THE FIRST GIRL I LOVED gets 5/10 School’s Out

Directed by Kerem Sanga
Starring Dylan Gelula, Brianna Hilderbrand, Mateo Arias

5/10

When Anne (Dylan Gelula) tries to admit to a male friend (Mateo Arias) that she has romantic feelings for another girl at school, Sasha (Brianna Hildebrand), she sets in motion a series of events that will shake up her life. Not only does she have to come to terms with her own sexuality, but she has to decide if her crush has feelings for her. All set within the usual minefield that is high school.

This is certainly a case of the subject matter being greater than the execution. The First Girl I Loved is let down by some forced dialogue, and a poor structure. The result at times feels closer to an after school special episode of Degrassi High than an independent film.

Which is a shame as there is a lot to like here. Both Gelula (Unbreakable Kimmy Schmidt) and Hildebrand (Deadpool) have a lot of on screen charisma, and their characters’ blossoming romance is genuinely sweet. By contrast Arias’ Martinez might appearĀ a relatively selfish character, but at least has understandable (if certainly not admirable) motivation.

Then there is what the film says about the nature of discrimination. It demonstrates a level of homophobia in society that is beneath the surface, and an attitude to acceptance that can often be lip service rather than genuine. So often it appears a personal exercise of political correctness from many of the authority characters, rather than an actual stance on equality.

For all these noble ideas, the film’s failure really does all come down to execution. The dialogue attempts naturalism, and only highlights it’s own artificiality. Ironically, perhaps the best stings of dialogue in the film are the text exchanges between Anne and Sasha. These at least have a natural rhythm, a clear ebb and flow that sounds real. In comparison, the rest feels stilted and awkward. Doubly so when coming from an authority figure, or attempting to convey the message of the film.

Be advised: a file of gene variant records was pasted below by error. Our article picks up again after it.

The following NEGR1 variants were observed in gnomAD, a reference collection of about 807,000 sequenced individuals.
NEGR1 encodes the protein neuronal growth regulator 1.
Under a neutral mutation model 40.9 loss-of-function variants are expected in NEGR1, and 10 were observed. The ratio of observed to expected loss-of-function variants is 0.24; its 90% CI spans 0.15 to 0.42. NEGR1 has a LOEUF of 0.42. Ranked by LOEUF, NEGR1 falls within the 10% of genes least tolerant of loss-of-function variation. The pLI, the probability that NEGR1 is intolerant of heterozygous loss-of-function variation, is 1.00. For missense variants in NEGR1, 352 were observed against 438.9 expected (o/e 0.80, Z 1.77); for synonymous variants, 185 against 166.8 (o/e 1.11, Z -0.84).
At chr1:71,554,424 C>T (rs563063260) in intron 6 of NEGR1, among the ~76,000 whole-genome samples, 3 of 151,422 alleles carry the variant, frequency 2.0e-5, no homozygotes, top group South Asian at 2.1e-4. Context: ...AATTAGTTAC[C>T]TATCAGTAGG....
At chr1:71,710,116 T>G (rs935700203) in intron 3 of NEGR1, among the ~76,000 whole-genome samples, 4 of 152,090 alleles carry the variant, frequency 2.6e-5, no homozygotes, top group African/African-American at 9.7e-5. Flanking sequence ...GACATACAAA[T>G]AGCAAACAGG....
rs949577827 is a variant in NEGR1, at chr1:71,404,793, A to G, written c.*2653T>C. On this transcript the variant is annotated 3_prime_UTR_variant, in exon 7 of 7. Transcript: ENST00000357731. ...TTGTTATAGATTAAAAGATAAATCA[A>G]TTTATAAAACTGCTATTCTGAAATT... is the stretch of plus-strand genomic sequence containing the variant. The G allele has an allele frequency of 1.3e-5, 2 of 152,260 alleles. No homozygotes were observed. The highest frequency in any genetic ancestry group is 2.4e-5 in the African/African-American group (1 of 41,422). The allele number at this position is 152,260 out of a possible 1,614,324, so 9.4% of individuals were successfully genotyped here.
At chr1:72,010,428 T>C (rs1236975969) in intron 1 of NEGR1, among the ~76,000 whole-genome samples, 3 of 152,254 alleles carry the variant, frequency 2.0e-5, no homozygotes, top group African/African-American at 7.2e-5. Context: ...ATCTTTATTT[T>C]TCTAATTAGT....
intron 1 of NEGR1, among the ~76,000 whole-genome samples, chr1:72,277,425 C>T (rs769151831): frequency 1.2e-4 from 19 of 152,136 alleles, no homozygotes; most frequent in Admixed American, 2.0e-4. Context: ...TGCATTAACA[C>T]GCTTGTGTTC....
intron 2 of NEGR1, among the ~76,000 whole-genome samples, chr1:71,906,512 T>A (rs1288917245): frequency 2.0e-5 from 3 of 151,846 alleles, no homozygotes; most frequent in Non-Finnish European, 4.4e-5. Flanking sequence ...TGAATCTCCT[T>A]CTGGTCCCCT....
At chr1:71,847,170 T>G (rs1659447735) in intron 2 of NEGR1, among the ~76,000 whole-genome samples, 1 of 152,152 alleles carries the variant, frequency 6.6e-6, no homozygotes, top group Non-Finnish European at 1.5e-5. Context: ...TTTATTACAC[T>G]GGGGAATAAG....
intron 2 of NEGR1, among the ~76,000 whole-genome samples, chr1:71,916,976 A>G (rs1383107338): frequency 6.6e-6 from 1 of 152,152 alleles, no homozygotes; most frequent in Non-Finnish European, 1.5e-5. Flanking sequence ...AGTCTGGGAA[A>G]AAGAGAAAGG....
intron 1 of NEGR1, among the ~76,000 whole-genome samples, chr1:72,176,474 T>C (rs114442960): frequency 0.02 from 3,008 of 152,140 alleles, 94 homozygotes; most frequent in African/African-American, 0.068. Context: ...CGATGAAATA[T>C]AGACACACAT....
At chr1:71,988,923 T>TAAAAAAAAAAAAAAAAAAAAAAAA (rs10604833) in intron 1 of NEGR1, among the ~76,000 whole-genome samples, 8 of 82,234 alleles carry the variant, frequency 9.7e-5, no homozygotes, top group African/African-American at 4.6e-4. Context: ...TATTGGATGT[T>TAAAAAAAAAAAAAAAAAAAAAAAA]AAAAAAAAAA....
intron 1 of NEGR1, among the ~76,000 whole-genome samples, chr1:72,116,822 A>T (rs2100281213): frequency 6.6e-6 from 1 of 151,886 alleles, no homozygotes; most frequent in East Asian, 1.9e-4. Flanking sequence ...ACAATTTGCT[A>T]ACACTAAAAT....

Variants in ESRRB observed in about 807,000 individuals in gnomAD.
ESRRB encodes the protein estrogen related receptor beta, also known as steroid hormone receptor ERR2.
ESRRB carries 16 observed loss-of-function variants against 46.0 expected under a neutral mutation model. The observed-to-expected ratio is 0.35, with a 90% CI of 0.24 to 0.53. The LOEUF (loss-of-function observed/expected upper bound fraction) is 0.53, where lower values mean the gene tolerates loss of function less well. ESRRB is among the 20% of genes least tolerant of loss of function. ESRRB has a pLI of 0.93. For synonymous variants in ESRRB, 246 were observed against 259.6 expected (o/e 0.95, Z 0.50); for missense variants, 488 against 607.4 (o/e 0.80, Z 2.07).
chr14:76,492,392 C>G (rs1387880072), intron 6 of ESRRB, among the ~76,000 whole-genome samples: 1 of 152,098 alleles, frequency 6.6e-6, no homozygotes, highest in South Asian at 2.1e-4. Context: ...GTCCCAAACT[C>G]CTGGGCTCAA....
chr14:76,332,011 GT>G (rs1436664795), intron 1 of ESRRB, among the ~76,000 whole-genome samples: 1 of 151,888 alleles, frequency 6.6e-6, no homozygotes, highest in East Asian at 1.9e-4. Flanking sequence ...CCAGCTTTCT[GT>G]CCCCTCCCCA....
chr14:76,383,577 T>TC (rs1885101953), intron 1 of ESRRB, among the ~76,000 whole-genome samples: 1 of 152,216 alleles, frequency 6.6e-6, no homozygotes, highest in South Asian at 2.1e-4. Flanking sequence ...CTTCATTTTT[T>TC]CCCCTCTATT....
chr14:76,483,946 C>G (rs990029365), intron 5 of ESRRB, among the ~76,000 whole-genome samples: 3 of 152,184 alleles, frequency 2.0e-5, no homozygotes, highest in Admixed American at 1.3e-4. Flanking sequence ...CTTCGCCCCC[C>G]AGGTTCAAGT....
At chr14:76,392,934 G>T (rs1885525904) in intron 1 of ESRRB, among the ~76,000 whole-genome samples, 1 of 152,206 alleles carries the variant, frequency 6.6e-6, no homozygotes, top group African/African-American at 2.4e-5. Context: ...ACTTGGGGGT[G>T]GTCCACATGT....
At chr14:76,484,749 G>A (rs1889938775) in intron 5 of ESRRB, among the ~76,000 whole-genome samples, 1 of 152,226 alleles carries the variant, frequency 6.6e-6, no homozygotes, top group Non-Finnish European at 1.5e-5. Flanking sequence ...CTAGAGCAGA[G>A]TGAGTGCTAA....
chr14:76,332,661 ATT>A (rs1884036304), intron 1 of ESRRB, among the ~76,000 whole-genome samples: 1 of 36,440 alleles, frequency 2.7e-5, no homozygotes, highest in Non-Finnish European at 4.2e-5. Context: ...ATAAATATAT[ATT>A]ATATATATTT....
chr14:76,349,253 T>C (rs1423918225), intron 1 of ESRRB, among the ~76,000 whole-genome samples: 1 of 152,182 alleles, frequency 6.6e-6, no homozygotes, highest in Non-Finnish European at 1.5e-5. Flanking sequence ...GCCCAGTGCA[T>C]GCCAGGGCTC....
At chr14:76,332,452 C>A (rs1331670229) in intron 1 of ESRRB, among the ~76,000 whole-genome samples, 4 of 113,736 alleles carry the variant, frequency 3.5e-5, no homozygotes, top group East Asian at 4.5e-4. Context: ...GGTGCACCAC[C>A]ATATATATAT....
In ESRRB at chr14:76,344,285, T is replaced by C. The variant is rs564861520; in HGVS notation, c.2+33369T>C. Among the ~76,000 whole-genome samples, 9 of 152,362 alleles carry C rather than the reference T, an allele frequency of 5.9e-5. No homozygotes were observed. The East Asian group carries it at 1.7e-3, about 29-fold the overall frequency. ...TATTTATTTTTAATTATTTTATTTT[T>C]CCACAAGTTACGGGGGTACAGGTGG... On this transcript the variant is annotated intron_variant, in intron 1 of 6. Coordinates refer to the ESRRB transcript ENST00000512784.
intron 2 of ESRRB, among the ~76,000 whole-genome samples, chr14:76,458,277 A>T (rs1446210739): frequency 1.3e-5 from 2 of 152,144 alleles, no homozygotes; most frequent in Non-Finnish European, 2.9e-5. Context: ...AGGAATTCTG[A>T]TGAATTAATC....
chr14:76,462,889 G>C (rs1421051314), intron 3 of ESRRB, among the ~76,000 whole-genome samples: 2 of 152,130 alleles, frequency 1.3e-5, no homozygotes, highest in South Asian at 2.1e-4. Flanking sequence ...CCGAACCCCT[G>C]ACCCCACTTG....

The structure also does The First Girl I Loved no favours. The tale frequently returns to a number of pivotal points in the film, breaking the narrative into a rather disjointed flow. If it was to return merely to one central point (highlighting the importance of that), perhaps the device would be more successful. Or if it was to break the chronological order in an interesting way, perhaps that would work as well. Instead the film withholds information, arguably not for dramatic purpose, or even to highlight storytelling, but more in an attempt to be profound. The result is instead jarring, and at times confusing.

All of which makes for a twee message film that is just a little too unfocused in what it attempts to say. Despite its noble intentions The First Girl I Loved barely manages to get itself across the line.

DAVID O’CONNELL

 

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